Jere Holloway Mitchell
DALLAS FORMERLY OF LONGVIEW — Jere Holloway Mitchell, MD, a cardiologist and an internationally recognized expert on exercise physiology, died on July 17, 2021 in Dallas, Texas. The only child of Dorothea and Holloway Mitchell, he was born October 17, 1928 and spent a joyful childhood in Longview, Texas.
Mitchell graduated from Virginia Military Institute in 1950 and went on to UT Southwestern Medical School. He received his MD in 1954, after which he completed his residency in Internal Medicine and Cardiology at Parkland Memorial Hospital. His life was transformed by the mentorship of Dr. Donald Seldin who encouraged him to pursue a career as a physician scientist.
After completing his residency, he went to the National Heart, Lung, and Blood Institute in Bethesda, Maryland where he trained in cardiovascular physiology. He was the first recipient of the Young Investigator Award and the Distinguished Scientist of the American College of Cardiology, the only person to have received both awards-bookends of a most remarkable scientific career.
During his postdoc, Dr. Mitchell met the love of his life, Pamela Battey Mitchell, a New England native. After a whirlwind romance, they married in Riverside, Connecticut on October 1, 1960. They lived in Bethesda and later moved to Dallas, Texas where they raised their three daughters and enjoyed a life filled with family, friends, travel, and good health.
During almost six decades on the faculty at UT Southwestern, his scientific contributions over his career were truly legendary. For example, he was the architect of the famous Dallas Bedrest and Training Study, which laid the foundation for virtually all future understanding of how the human body adapts to detraining (bedrest) and exercise. These studies changed the way doctors managed patients after heart attacks or surgery, and led to the modern practice of getting patients up and out of bed as quickly as possible for most every clinical condition.
He performed ingenious studies showing that the precise control of the circulation during exercise (how much blood the heart needs to pump, and where that blood ends up going) is regulated by both direct connections from the brain to the heart as well as by neural signals from the skeletal muscle. These field-defining, foundational experiments have been studied thousands of times by other investigators. His work has been recognized not only by the American College of Cardiology, but also by the American Physiological Society and the American College of Sports Medicine, which have awarded him the highest honors in these societies. Dr. Mitchell also served two terms as Chief of Cardiology at UT Southwestern, and he was an extraordinary mentor. His dozens of post-doctoral fellows and students have gone on to have highly successful careers in their own right, thanks to Dr. Mitchell’s guidance, mentorship, and friendship.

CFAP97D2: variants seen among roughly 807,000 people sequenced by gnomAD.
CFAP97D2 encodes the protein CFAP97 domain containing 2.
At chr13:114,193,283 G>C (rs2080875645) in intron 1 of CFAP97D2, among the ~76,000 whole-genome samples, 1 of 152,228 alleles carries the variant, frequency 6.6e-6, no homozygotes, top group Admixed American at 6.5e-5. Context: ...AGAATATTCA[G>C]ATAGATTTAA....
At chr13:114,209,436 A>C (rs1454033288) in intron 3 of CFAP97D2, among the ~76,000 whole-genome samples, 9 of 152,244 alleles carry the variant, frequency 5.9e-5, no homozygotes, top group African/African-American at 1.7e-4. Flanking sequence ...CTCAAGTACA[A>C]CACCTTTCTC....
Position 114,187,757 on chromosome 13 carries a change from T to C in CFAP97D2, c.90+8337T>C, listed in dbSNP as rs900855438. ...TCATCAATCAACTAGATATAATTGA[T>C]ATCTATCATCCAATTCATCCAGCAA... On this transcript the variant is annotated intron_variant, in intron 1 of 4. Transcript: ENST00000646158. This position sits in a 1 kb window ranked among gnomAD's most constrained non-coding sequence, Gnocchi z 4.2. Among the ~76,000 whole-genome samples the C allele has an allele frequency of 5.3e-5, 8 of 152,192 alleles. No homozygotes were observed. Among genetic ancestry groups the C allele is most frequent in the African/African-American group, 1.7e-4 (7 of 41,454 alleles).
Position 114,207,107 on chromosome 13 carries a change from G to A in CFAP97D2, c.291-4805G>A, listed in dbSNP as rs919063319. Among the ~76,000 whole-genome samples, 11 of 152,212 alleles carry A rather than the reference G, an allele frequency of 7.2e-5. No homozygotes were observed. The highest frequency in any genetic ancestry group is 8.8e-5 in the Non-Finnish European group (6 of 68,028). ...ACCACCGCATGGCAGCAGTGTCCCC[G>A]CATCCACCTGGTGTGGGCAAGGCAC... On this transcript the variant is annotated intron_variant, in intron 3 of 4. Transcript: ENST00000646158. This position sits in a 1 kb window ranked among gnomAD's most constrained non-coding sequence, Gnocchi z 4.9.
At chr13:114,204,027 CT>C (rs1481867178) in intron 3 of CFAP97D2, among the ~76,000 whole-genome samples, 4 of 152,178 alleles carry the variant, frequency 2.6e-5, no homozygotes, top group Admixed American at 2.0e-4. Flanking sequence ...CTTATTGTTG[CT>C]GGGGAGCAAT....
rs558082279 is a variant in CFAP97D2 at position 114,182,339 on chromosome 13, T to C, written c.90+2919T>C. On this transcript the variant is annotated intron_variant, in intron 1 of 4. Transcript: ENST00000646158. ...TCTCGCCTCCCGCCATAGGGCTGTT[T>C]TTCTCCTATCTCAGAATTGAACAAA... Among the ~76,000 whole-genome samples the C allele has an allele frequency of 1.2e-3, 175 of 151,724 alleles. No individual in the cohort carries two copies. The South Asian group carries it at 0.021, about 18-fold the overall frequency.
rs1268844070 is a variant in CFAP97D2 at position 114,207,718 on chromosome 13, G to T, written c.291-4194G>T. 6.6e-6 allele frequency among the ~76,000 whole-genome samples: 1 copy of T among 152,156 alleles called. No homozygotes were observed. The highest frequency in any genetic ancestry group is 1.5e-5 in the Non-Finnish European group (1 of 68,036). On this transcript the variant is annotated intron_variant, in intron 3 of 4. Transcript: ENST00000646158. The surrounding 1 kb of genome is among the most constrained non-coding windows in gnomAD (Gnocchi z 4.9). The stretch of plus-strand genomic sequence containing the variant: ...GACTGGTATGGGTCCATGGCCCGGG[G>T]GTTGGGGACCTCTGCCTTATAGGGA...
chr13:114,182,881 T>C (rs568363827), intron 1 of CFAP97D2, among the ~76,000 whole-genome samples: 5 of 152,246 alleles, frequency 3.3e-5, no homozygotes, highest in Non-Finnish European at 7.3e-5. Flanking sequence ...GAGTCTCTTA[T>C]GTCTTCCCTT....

He was a visiting senior scientist at the University Laboratory of Physiology at Oxford University (1970-1971), and he spent several summers working at The August Krogh Institute at The University of Copenhagen.
Throughout his life, Dr. Mitchell cherished not only his academic and research career, but also the time he and Pamela spent at their second home on Cape Cod. He was an avid reader of fiction, an appreciator of art, music, and theater, an exercise enthusiast, a passionate Democrat, and above all, a devoted and loving father, grandfather, and great grandfather. He will be remembered for his loyalty, kindness, equanimity, open-mindedness, and winning smile.
He was preceded in death by Pamela, his wife of fifty years. Dr. Mitchell is survived by his loving daughters, Wendy O’Sullivan (Dallas, TX), Laurie Mitchell, MD (San Diego, CA), and Amy Poeppel (New York, NY), as well as by his sons-in-law, Brent Woods and David Poeppel. He will be missed by his grandchildren: Mathew O’Sullivan and his wife Chloe O’Sullivan, Megan O’Sullivan, Madeline Woods, Sophie Woods, Calvin Woods, Alex Poeppel, Andrew Poeppel, and Luke Poeppel. He was thrilled by the recent arrival of his great grandson Henry Mitchell O’Sullivan.
In lieu of flowers, please consider a contribution to UT Southwestern Medical Center, Parkland Hospital, or the Dallas Theater Center.
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